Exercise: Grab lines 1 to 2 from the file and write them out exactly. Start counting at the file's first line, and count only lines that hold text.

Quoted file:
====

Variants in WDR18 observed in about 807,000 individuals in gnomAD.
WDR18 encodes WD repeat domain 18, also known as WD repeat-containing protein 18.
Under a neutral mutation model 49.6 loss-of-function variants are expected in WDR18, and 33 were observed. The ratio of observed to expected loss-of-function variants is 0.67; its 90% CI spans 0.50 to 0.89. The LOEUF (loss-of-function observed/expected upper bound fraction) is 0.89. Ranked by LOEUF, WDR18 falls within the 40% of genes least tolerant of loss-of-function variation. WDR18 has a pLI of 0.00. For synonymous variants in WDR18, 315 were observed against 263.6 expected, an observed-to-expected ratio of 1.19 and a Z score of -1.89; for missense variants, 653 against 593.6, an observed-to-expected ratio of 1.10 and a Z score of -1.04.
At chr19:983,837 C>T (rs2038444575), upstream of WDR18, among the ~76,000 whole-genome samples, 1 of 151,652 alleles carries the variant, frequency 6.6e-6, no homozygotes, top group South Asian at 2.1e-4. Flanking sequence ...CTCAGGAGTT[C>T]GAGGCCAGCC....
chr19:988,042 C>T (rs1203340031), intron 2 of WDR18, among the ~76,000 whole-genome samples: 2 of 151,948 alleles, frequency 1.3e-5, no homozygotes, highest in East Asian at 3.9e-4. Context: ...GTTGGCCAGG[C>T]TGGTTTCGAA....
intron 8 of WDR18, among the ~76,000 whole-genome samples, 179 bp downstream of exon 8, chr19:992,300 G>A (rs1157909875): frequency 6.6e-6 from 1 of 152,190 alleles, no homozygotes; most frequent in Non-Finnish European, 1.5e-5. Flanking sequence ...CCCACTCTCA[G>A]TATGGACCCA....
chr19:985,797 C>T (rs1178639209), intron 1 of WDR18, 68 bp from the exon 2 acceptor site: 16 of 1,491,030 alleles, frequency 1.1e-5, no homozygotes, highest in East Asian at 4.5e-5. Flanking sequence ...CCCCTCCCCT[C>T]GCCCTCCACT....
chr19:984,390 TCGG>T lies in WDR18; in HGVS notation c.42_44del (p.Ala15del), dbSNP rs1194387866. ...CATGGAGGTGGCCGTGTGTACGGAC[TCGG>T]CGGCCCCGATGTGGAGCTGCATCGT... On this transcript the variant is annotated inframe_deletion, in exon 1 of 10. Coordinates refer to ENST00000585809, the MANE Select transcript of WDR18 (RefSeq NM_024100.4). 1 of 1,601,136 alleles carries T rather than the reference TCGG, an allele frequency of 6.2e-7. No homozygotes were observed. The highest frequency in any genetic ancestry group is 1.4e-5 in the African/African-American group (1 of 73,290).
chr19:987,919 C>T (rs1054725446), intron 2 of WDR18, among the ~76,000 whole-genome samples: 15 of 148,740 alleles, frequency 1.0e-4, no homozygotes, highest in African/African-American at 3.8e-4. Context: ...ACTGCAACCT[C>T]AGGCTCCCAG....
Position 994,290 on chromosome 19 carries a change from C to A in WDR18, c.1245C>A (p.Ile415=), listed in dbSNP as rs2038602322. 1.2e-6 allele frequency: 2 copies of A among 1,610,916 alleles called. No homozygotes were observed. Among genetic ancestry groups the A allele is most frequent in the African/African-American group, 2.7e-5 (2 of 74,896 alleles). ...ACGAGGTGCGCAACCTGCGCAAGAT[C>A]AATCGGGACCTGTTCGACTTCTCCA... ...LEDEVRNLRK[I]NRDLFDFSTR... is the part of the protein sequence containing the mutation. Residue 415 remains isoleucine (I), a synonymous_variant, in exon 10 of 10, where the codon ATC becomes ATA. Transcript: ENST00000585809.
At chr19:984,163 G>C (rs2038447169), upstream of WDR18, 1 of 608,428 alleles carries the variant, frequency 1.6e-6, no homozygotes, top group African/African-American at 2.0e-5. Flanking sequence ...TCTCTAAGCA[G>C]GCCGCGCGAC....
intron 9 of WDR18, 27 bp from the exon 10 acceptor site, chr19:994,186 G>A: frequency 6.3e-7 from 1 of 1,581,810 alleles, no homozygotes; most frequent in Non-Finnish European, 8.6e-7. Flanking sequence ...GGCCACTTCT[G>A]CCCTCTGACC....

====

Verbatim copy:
Variants in WDR18 observed in about 807,000 individuals in gnomAD.
WDR18 encodes WD repeat domain 18, also known as WD repeat-containing protein 18.